Generally speaking, a call for the coroner is initiated by emergency medical personnel, who have determined medically that the patient is deceased. The EMS personnel notify the Jessamine County dispatch center that a coroner is needed at the scene, and Dispatch in turn notifies the coroner of a death scene call. A death scene can be anywhere an individual may be found unresponsive, including the home, at work, at the hospital or in a vehicular or other type of accident.
The coroner’s role is to determine three vital facts: the manner (natural, accidental, homicide, suicide), cause and time of death according to evidence and information that may be gathered at the scene; as well as by interviews with law enforcement, EMS, family, friends or witnesses. This information is vital in determining as accurately as possible, those facts.
The manner and cause of death are extremely important, especially if other than natural. In the event that a crime has been committed, or even if there is just suspicion of a crime, preservation of a pristine, undisturbed scene is of the highest priority. A contaminated scene, where evidence may be inadvertently disturbed, removed or destroyed, can actually hamper or impair the investigation of the case.
Obviously, the judicial consequences of such a disturbed scene could be catastrophic regarding a subsequent criminal case. The need to arrive on scene as expeditiously as reasonably possible in this scenario is therefore not only justified, but should be expected as the norm for the best possible investigative outcome. In such a situation, where we do not know all the particulars about the scene and how the death occurred, we may, according to state law (HB 34), elect to use emergency lights and sirens if there is the least chance that we may encounter a crime scene.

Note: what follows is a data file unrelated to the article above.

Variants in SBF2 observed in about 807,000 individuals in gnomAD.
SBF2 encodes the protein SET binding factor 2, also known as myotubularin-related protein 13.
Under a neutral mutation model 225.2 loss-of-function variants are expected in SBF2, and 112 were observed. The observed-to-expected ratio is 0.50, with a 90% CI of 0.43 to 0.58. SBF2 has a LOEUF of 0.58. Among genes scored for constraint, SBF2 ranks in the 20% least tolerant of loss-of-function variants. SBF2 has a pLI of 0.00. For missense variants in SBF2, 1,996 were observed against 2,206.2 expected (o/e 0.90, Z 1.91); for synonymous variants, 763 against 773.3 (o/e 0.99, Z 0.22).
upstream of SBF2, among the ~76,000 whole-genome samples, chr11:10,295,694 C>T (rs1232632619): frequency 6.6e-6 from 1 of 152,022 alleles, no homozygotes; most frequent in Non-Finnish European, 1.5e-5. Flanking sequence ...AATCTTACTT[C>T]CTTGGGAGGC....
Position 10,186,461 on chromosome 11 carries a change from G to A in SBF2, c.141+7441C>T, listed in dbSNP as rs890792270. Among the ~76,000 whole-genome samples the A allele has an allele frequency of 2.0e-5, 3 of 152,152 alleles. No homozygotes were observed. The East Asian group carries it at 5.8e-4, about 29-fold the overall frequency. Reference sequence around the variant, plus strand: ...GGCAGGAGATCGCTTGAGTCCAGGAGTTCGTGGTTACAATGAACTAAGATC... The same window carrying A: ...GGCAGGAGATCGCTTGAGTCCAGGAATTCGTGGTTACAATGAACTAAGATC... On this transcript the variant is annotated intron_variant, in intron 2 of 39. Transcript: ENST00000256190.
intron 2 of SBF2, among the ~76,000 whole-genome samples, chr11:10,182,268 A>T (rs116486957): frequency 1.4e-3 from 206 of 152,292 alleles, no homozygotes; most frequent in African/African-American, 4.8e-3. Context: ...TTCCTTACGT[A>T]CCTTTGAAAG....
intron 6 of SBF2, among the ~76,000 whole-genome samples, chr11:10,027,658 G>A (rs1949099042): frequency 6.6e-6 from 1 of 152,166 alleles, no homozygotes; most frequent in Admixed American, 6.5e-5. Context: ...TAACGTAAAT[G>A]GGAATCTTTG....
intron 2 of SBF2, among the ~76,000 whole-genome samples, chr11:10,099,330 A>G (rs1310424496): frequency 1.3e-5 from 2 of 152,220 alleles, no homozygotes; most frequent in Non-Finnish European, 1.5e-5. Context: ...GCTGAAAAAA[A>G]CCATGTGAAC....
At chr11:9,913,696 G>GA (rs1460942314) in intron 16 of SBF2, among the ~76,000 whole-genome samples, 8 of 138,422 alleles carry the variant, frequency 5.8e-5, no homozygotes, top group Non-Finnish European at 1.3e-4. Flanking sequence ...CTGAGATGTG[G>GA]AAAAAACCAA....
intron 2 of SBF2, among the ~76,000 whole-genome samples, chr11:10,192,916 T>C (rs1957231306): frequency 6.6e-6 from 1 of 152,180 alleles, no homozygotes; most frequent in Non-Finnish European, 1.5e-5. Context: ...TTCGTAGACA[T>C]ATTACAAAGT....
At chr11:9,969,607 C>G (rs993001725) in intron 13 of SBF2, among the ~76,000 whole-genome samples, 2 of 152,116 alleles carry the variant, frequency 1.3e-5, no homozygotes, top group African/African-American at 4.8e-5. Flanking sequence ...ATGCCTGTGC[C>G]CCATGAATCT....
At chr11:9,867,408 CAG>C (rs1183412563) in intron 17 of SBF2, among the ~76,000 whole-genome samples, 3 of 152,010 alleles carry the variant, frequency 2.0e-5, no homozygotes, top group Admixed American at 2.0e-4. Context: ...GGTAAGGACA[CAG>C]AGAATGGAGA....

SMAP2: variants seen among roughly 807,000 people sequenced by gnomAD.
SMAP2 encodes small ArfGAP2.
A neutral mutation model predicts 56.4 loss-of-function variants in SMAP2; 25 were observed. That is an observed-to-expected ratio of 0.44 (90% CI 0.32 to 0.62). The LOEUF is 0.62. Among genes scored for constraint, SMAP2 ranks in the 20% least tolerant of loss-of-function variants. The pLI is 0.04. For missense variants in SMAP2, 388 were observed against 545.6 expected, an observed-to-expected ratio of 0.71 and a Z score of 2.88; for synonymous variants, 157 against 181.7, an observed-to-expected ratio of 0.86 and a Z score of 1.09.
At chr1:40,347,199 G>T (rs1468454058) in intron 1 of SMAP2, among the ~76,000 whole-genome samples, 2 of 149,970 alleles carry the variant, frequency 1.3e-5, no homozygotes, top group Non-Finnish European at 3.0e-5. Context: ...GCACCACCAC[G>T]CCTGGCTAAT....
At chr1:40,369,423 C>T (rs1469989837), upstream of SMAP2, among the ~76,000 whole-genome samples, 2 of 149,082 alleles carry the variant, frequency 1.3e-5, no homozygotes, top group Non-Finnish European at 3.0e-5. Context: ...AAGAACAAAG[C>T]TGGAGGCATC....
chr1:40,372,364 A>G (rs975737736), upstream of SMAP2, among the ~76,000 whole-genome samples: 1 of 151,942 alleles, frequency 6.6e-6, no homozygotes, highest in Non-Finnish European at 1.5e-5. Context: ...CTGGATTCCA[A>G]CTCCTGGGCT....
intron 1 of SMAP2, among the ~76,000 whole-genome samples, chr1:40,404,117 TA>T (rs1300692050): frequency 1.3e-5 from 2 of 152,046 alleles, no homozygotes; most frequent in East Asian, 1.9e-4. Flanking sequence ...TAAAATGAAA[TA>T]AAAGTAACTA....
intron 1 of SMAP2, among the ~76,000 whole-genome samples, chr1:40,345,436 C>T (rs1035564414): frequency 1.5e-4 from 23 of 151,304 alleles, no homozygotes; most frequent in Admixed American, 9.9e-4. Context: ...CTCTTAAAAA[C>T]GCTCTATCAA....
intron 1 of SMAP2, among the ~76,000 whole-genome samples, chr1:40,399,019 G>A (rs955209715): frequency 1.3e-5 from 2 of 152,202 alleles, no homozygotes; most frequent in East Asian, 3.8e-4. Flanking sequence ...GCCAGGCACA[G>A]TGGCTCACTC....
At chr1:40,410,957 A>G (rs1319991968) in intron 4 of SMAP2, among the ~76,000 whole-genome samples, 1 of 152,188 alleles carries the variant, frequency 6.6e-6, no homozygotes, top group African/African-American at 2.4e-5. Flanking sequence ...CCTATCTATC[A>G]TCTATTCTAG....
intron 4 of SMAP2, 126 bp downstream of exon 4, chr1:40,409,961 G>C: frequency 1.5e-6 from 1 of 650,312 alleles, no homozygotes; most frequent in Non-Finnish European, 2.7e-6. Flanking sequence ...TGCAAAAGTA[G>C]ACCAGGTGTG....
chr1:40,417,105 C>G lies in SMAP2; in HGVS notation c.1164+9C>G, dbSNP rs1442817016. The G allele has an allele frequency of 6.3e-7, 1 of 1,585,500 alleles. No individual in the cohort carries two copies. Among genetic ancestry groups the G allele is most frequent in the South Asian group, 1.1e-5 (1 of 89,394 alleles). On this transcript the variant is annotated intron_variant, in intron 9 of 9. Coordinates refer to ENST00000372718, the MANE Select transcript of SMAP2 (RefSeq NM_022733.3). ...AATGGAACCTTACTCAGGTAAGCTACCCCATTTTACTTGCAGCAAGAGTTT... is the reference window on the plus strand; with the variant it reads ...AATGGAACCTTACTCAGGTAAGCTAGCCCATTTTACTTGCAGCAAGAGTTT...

In the event of a fatal vehicular accident, arriving on the scene unimpeded and timely may sometimes prove extremely difficult due to blocked traffic. It should be obvious that a thorough investigation must be undertaken for all loss of life accidents, and talking with law enforcement, emergency medical personnel, those involved in the accident and witnesses, is again of paramount importance. Kentucky law states that removal of the vehicles or any deceased human being is not permitted until a coroner arrives on scene and conducts a preliminary investigation. While EMS, fire and law enforcement are busy caring for the injured and working the scene; clearing and removing the vehicles as soon as possible in order to restore traffic flow must be considered as well. For these reasons, the coroner may, according to state law (HB 34), elect to use emergency lights and sirens in order to negotiate heavily congested or blocked traffic while traveling to the scene.
I would like to point out that in any situation in which the coroner or deputy coroner deems the use of such emergency equipment necessary or preferable, all traffic laws are conformed to, and every courtesy is extended to civilian traffic and pedestrians.